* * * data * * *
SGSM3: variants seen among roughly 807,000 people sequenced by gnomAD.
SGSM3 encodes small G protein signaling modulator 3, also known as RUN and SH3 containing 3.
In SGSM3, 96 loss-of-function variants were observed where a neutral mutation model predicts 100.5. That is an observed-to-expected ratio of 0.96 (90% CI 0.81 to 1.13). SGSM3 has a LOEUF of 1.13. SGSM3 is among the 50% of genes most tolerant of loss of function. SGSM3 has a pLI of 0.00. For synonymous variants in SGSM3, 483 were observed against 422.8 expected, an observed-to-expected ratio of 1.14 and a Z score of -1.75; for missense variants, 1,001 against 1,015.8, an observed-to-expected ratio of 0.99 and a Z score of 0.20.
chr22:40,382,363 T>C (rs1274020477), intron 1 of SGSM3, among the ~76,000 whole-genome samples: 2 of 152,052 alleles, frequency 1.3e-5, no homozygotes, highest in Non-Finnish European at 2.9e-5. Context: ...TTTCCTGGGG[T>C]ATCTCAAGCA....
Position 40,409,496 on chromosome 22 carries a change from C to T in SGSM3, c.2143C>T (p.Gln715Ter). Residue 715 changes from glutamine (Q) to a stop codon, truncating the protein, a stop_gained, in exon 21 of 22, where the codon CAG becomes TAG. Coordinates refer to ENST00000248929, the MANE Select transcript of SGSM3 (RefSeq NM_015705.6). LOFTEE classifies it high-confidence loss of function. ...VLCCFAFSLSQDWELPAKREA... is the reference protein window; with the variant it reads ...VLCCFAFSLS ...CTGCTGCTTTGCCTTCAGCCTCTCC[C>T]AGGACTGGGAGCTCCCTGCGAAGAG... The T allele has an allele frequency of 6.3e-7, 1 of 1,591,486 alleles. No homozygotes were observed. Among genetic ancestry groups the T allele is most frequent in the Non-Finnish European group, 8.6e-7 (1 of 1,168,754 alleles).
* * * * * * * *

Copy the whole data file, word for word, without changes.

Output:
SGSM3: variants seen among roughly 807,000 people sequenced by gnomAD.
SGSM3 encodes small G protein signaling modulator 3, also known as RUN and SH3 containing 3.
In SGSM3, 96 loss-of-function variants were observed where a neutral mutation model predicts 100.5. That is an observed-to-expected ratio of 0.96 (90% CI 0.81 to 1.13). SGSM3 has a LOEUF of 1.13. SGSM3 is among the 50% of genes most tolerant of loss of function. SGSM3 has a pLI of 0.00. For synonymous variants in SGSM3, 483 were observed against 422.8 expected, an observed-to-expected ratio of 1.14 and a Z score of -1.75; for missense variants, 1,001 against 1,015.8, an observed-to-expected ratio of 0.99 and a Z score of 0.20.
chr22:40,382,363 T>C (rs1274020477), intron 1 of SGSM3, among the ~76,000 whole-genome samples: 2 of 152,052 alleles, frequency 1.3e-5, no homozygotes, highest in Non-Finnish European at 2.9e-5. Context: ...TTTCCTGGGG[T>C]ATCTCAAGCA....
Position 40,409,496 on chromosome 22 carries a change from C to T in SGSM3, c.2143C>T (p.Gln715Ter). Residue 715 changes from glutamine (Q) to a stop codon, truncating the protein, a stop_gained, in exon 21 of 22, where the codon CAG becomes TAG. Coordinates refer to ENST00000248929, the MANE Select transcript of SGSM3 (RefSeq NM_015705.6). LOFTEE classifies it high-confidence loss of function. ...VLCCFAFSLSQDWELPAKREA... is the reference protein window; with the variant it reads ...VLCCFAFSLS ...CTGCTGCTTTGCCTTCAGCCTCTCC[C>T]AGGACTGGGAGCTCCCTGCGAAGAG... The T allele has an allele frequency of 6.3e-7, 1 of 1,591,486 alleles. No homozygotes were observed. Among genetic ancestry groups the T allele is most frequent in the Non-Finnish European group, 8.6e-7 (1 of 1,168,754 alleles).